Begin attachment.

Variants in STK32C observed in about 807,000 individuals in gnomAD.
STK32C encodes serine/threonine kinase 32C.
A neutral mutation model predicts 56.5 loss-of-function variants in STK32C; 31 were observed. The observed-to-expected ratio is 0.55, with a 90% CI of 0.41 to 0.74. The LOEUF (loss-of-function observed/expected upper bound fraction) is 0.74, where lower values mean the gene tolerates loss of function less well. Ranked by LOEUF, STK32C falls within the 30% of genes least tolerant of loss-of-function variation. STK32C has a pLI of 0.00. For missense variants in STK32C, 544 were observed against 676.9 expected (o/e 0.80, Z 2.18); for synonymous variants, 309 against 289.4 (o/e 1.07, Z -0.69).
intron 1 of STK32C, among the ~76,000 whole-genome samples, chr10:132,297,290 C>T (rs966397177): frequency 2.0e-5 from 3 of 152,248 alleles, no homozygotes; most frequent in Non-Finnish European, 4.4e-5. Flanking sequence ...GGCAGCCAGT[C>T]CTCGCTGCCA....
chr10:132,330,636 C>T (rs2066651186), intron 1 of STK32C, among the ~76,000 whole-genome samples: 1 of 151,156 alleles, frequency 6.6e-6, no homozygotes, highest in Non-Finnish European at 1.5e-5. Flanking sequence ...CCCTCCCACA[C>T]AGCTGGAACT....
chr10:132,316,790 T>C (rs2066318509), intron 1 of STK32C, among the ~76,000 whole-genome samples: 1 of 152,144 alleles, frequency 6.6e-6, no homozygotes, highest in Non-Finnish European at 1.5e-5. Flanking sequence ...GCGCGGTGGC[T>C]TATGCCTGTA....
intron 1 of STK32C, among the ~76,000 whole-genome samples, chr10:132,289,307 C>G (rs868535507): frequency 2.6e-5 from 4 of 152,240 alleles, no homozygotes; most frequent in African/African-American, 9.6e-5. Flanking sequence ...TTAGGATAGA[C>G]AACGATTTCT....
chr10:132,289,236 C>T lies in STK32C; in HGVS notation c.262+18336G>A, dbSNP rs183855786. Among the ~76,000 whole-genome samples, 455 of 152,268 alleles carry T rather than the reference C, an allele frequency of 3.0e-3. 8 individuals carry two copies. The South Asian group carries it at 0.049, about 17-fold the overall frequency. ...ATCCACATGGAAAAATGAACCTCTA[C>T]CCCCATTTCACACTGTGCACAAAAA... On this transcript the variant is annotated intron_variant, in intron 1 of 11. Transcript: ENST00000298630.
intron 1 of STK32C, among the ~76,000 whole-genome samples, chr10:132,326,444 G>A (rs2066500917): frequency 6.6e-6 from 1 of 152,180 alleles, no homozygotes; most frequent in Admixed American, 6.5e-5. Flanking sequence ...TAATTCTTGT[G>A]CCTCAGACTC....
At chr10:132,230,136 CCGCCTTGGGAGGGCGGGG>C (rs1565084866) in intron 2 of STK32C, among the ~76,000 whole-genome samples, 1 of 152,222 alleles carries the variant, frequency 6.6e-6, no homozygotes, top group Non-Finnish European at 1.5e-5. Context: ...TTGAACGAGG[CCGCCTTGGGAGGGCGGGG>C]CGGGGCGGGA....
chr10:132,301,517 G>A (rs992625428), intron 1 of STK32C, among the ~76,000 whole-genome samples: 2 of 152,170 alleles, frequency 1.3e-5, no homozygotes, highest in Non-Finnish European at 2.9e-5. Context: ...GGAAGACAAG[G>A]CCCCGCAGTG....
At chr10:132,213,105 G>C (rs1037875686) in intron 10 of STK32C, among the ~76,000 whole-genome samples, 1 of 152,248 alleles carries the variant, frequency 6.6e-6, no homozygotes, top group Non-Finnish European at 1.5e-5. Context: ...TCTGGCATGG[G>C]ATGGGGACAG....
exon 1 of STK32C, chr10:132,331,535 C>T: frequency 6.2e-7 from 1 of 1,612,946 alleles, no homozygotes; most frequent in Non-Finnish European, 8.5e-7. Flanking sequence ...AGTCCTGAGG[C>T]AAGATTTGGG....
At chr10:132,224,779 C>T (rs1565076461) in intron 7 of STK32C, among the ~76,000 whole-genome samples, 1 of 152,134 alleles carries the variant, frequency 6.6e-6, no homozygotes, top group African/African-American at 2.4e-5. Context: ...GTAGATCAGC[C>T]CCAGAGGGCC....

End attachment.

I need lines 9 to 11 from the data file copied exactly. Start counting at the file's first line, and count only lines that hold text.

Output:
intron 1 of STK32C, among the ~76,000 whole-genome samples, chr10:132,326,444 G>A (rs2066500917): frequency 6.6e-6 from 1 of 152,180 alleles, no homozygotes; most frequent in Admixed American, 6.5e-5. Flanking sequence ...TAATTCTTGT[G>A]CCTCAGACTC....
At chr10:132,230,136 CCGCCTTGGGAGGGCGGGG>C (rs1565084866) in intron 2 of STK32C, among the ~76,000 whole-genome samples, 1 of 152,222 alleles carries the variant, frequency 6.6e-6, no homozygotes, top group Non-Finnish European at 1.5e-5. Context: ...TTGAACGAGG[CCGCCTTGGGAGGGCGGGG>C]CGGGGCGGGA....
chr10:132,301,517 G>A (rs992625428), intron 1 of STK32C, among the ~76,000 whole-genome samples: 2 of 152,170 alleles, frequency 1.3e-5, no homozygotes, highest in Non-Finnish European at 2.9e-5. Context: ...GGAAGACAAG[G>A]CCCCGCAGTG....